So I just found out that Imre Makovecz the Hungarian Architect had died a few months ago. I wrote my first dissertation on him back in ’92 -´93. In the Summer of 1992 his office was one stop for me on my Eurorail tour. I went to his studio one day, looked round the office and talked to a few Architects there. Then I spent the next couple of days visiting Makovecz buildings.
At that time being just at the beginning of my Architectural studies I found his buildings so refreshingly different. They are not just organic but highly anthropomorphic. Handcrafted within a national and religious folk art tradition but less from traditional Architecture even in Hungary. His designs seemingly bypassed 500 years of history.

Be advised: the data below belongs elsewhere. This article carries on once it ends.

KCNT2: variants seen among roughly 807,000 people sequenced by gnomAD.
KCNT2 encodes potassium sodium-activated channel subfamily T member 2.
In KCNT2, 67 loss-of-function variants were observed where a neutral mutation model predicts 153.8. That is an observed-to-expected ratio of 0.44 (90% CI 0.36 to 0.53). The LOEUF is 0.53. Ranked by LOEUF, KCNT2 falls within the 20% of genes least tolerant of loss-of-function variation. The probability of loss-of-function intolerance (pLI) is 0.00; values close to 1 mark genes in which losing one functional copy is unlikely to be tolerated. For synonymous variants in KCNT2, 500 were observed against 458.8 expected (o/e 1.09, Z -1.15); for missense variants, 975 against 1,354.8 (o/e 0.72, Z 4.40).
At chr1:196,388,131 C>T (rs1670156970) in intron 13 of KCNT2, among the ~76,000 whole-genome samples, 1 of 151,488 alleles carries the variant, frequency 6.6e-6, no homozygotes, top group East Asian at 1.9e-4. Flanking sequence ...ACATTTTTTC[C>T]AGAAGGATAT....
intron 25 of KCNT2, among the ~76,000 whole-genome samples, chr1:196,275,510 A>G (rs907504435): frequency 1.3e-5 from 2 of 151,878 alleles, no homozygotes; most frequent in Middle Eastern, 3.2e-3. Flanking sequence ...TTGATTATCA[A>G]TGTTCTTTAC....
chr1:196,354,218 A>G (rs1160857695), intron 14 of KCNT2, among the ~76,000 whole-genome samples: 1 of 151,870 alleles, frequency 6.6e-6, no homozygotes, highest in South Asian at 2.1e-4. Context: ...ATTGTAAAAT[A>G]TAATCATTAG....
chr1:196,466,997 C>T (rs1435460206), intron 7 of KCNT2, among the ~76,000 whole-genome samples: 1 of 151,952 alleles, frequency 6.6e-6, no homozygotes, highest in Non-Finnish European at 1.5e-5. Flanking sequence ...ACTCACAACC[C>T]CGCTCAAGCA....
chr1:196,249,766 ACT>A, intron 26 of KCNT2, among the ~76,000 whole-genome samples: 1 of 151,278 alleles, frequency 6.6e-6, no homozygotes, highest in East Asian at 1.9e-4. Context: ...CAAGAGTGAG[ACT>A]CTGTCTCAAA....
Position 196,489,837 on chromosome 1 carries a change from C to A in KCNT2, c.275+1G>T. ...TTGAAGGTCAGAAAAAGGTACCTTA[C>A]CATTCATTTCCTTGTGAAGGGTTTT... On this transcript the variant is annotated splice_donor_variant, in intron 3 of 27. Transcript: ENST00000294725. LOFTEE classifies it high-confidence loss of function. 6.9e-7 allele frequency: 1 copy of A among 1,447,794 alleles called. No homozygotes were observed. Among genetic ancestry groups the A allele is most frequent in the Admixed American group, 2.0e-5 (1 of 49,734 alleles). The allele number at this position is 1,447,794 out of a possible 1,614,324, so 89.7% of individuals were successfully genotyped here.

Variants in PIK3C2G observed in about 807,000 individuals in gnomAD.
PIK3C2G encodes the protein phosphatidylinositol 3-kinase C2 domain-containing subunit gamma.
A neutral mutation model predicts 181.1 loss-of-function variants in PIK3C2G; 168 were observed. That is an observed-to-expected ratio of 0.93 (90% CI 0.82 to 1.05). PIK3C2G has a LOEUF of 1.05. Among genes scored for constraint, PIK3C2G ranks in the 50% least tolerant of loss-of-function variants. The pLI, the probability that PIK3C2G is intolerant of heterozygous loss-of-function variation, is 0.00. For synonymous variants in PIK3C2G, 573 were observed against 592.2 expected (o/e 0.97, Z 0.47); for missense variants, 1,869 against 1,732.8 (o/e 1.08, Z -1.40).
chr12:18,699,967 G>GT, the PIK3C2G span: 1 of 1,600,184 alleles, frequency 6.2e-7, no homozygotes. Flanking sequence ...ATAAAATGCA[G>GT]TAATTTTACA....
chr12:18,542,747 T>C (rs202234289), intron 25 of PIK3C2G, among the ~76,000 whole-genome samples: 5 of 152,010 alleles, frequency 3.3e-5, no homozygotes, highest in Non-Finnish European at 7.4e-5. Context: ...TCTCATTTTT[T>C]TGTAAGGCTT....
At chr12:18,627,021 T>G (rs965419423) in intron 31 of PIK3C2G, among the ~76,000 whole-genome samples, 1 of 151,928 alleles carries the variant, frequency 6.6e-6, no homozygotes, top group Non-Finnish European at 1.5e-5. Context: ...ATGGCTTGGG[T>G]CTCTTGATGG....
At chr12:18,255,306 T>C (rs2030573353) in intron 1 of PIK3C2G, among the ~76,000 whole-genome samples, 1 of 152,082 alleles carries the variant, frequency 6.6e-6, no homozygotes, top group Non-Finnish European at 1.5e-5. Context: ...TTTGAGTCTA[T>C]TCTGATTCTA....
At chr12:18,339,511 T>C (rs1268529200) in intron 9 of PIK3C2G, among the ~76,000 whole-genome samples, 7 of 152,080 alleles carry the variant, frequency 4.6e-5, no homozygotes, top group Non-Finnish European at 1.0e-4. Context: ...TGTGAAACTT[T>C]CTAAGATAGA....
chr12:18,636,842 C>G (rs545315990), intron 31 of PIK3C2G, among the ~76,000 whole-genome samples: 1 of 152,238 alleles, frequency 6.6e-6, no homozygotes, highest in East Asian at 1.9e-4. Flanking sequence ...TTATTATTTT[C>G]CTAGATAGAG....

But the highpoint of his fame outside of Hungary proved to be his Hungarian pavilion at the ’92 Seville expo. His designs relied on craftsmanship in a way that the modern world doesn’t. The economics of his buildings in a repressed communist Hungary made sense. In a capitalistic market economy Hungary started to become, the economics probably increasingly opposed his way of building. There was talk of a school design in Paris, and he came to the UK in the mid nineties and talked to Prince Charles but nothing came of these excursions.
At their best his buildings speak to us at a more primordial level. There is haunting beauty and charming naivety by turns. But his buildings always left me affected.